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European diplomats prepare for hedge fund talks

Date: Wednesday, May 5, 2010
Author: Reuters

European parliamentarians and diplomats are preparing for another round of talks this week to end the wrangling over rules to control the hedge fund industry.

Failure to break the deadlock on a law for hedge funds, which has seen Britain largely isolated in Europe by its defense of the industry, could delay a planned shake-up of financial services spanning bonus limits to curbs on risk-taking.

The draft law had been intended to curb pay and borrowing at hedge funds and usher in an era of transparency for a little-understood industry that many politicians said exacerbated borrowing difficulties in Greece by betting on its debt.

But Britain wants lighter regulation as the industry important for London's financial center, while Germany and France are seeking a heavier clampdown.

Negotiations in the parliament, which has an equal say alongside European countries in approving the law, have been protracted but are due to conclude this week.

European ambassadors will meet on Thursday in a bid to tee up agreement.

Some British parliamentarians had hoped to derail a regime that would require hedge funds and private equity groups to register and disclose closely guarded trading information -- the traditional advantage of hedge funds in the open market.

The proposed law has also driven a rift between Brussels and Washington.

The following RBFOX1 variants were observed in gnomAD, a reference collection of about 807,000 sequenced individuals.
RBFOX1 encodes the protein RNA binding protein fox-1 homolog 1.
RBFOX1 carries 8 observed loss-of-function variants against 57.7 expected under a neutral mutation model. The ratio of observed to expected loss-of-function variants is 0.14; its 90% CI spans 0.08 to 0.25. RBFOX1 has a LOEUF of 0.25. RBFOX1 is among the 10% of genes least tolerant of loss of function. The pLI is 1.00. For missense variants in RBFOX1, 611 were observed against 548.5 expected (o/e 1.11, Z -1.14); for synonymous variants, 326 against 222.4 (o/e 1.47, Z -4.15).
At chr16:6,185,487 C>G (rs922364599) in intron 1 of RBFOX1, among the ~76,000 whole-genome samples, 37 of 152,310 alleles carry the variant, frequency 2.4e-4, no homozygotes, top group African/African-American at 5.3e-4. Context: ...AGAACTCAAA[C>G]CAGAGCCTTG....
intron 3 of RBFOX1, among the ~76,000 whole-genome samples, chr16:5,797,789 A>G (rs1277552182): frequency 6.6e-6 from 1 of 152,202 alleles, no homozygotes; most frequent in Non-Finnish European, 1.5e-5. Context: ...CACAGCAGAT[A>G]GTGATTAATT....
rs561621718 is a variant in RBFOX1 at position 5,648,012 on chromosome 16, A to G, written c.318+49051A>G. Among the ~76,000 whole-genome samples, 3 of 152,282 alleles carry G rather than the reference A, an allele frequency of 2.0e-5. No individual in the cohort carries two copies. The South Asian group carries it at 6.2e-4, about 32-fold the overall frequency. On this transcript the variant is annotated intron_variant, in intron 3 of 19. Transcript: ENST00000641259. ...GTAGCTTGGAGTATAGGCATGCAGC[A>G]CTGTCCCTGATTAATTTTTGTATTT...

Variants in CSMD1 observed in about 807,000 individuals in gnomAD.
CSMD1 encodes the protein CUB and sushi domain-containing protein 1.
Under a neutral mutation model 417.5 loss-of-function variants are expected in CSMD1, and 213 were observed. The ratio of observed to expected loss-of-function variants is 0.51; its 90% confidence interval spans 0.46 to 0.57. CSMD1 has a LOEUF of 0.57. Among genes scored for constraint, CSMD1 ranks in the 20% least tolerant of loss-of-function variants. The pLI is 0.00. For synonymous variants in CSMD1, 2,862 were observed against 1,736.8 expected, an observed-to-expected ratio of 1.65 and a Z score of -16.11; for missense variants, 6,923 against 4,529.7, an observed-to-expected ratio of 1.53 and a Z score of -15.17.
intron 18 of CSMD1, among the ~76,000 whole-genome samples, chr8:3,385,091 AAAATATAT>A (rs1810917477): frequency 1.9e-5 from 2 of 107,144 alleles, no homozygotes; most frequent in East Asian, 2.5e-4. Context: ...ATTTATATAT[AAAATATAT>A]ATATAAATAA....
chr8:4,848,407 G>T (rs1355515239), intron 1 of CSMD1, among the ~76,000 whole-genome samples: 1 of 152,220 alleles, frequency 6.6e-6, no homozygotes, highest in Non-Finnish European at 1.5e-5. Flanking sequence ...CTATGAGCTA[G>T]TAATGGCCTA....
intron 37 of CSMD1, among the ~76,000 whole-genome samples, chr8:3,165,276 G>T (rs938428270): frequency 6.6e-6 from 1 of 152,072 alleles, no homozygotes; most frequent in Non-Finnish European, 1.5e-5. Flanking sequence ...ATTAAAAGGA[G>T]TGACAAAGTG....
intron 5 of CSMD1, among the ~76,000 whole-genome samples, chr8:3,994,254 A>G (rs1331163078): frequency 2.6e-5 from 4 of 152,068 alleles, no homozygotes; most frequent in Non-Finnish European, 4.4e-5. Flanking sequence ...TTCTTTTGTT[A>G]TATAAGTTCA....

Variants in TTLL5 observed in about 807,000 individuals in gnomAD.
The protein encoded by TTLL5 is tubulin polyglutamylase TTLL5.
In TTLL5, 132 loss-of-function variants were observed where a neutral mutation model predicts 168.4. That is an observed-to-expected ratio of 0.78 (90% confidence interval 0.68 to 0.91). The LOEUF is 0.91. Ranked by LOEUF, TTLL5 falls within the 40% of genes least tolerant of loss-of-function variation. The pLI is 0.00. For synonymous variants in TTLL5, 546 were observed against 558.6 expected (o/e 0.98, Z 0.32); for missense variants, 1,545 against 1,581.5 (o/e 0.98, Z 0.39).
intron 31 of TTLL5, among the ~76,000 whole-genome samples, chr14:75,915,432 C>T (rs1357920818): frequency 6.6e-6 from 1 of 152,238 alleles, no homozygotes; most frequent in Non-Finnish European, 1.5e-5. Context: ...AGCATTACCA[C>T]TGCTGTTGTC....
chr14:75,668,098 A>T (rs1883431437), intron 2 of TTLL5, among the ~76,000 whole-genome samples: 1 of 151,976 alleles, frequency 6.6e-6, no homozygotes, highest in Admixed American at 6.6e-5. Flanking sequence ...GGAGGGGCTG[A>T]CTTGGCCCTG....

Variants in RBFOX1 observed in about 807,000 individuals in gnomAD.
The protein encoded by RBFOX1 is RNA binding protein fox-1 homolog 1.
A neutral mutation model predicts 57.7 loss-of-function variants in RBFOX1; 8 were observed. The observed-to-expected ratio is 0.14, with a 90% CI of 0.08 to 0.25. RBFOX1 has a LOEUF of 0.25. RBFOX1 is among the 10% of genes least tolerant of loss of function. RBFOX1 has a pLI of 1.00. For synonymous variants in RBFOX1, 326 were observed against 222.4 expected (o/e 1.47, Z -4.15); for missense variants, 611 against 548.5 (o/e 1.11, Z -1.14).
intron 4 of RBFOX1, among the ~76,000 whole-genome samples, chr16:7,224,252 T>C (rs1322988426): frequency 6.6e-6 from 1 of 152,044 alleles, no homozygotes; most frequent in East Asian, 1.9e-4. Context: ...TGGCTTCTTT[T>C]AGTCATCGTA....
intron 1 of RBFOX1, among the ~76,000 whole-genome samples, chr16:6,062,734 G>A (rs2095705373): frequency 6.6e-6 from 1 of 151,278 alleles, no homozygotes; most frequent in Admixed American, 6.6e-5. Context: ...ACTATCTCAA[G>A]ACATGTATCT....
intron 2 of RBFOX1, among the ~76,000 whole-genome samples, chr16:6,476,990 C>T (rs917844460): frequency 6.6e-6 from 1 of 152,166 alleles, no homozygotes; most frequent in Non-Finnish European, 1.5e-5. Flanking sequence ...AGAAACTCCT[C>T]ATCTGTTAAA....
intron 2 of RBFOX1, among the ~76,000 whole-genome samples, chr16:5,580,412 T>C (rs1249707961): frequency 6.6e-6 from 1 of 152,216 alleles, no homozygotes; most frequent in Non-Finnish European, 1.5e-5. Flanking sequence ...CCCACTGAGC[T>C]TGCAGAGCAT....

U.S. Treasury Secretary Timothy Geithner has complained that the controls could discriminate against American firms because the regulations would not give a passport or license to operate in Europe to foreign firms.

Washington, mulling lighter regulation for the sector, is worried the new EU rules would make it harder for a New York hedge fund, for example, to find investors in Europe.

Jean-Paul Gauzes, the French lawmaker who is in charge of broking a deal in the European parliament, has proposed giving foreign funds a license to do business across the European Union's 27 countries if they comply with the new law.

The EU's financial services chief, Michel Barnier, also has signaled a willingness to license foreign funds with a base in London, for example, to do business across the continent.

Diplomats, though, say the former foreign minister lacks the backing of French President Nicolas Sarkozy on this.

The ongoing row has turned the spotlight on the EU's often long-winded process of introducing laws. Many experts believe it bodes ill for reaching agreement on other more controversial laws, such as establishing powerful new watchdogs for Europe.

The tug-of-war between Brussels and Washington will also hold up leaders of the Group of 20 most prosperous countries who are trying to keep momentum in a regulatory crackdown on banking.